The mission of the San Antonio Mastersingers is to provide life-enriching experiences through the performances of choral repertoire that engage the audience, challenge the singers, raise funds for worthy charities and provide inspirational, educational and moving musical opportunities for concert goers.
Board of Directors
Chair - Marguerite McCormick
Chair Elect - Chancey Blackburn
Vice Chair - John Costello
Treasurer - Jeffrey Williams
Secretary - Brian Moffatt
Immediate Past Chair - Cindy Marini
Legal Review - Steve Rogers
Music Director - Dr. John Silantien
Chorus Manager - Bill Harrison
Assistant Chorus Manage - David Uminski
The San Antonio Symphony Mastersingers is the official chorus of the San Antonio Symphony, under the direction of Dr. John Silantien. The chorus is the first symphony chorus to be created in Texas, formed in 1944, and the 2019-2020 season marked its 75th anniversary of performance with the Symphony.
The San Antonio Symphony Mastersingers is a highly acclaimed, 140-voice chorus of volunteers from throughout the San Antonio area and is featured in every area of the Symphony's performance schedule as well as several independent performances to benefit various
charitable causes such as local breast cancer research organizations, the Alzheimer's Association, the Memorial Holocaust Museum and the Basilica of the National Shrine of the Little Flower. Every December, the Mastersingers continues the community's tradition of enjoying Handel's Messiah which is also re-broadcast on KPAC, 88.3 FM, on Christmas Eve.
The Mastersingers have a reputation for meticulous preparation and professionalism that has brought the group frequent invitations for tours and guest appearances nationally and internationally. Through the years, the Mastersingers have performed in Carnegie Hall five times, in the Vatican in Rome, at High Mass at Notre Dame Cathedral in Paris, at the American Cemetery in Normandy and many other distinguished venues. Guest appearances have included performances with notables Beverly Sills and Andrea Bocelli in starring roles.
In 1994 at the 50th anniversary of the chorus, then San Antonio Mayor Nelson Wolff proclaimed the Mastersingers “one of the crown jewels within the San Antonio Arts community.” Mayor Ron Nirenberg presented the chorus with a congratulatory proclamation in celebration of the 75th anniversary at the 2019-2020 Symphony season opening event, Mahler's Resurrection Symphony No. 2, which also celebrated the grand opening of the Tobin Center for the Performing Arts five years ago.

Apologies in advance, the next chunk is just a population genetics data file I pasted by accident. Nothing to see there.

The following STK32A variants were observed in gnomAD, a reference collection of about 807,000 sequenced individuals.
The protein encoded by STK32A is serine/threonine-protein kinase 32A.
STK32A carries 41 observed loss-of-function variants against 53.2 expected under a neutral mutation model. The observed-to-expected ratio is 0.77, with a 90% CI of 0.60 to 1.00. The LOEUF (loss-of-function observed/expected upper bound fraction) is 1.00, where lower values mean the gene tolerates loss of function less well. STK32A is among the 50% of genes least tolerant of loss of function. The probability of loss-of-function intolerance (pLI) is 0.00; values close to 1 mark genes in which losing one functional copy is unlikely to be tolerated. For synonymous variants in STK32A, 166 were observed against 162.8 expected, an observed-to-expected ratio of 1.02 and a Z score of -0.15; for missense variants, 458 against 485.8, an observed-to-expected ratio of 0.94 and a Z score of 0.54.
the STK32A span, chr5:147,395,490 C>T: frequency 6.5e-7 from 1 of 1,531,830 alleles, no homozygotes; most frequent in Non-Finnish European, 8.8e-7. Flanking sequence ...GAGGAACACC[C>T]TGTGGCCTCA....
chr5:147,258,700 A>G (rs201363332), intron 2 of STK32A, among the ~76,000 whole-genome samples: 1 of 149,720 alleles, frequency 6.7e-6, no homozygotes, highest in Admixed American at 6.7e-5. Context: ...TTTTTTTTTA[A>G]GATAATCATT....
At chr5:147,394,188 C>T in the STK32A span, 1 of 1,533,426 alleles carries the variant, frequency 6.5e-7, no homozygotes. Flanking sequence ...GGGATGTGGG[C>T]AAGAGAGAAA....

San Antonio Symphony Mastersingers' conductor Dr. John Silantien begins his 38th year with the chorus in this 2021-2022 season. In May 2018 he retired as Professor Emeritus from the University of Texas at San Antonio.
Dr. Silantien has taught and conducted choirs on the secondary and collegiate levels in Texas, in the Washington, D. C. area, and on the faculty of the Eastman School of Music in Rochester, New York. He holds a Doctor of Musical Arts degree from the University of Illinois. His awards include a Rockefeller grant for choral conducting at Aspen, Colorado, and a Fulbright award for research in London, England.
Dr. Silantien’s orchestral conducting credits include performances with the San Antonio Symphony, the San Antonio Pops and New York’s West Side Chamber Orchestra, as well as CD recordings of three Mozart piano concertos with the Moscow State Radio Orchestra. He made his Carnegie Hall debut in May 1994 conducting Mozart’s Requiem, returning in 2008 for a performance of Mozart’s Vespers. In May 2016, he conducted the Mastersingers in the Carnegie Hall premiere of Robert Cohen’s Alzheimer’s Stories.
Dr. Silantien has conducted the Mastersingers on international tours to Italy, Spain, Portugal and in 2018 to France where the group performed at the American Cemetery at Normandy Beach, at the Abbey Church at Mont St. Michel, during High Mass at Notre Dame Cathedral in Paris, and at the prestigious Church of La Madeleine. He will lead the chorus on a tour of Scotland, England and Wales in June, 2022.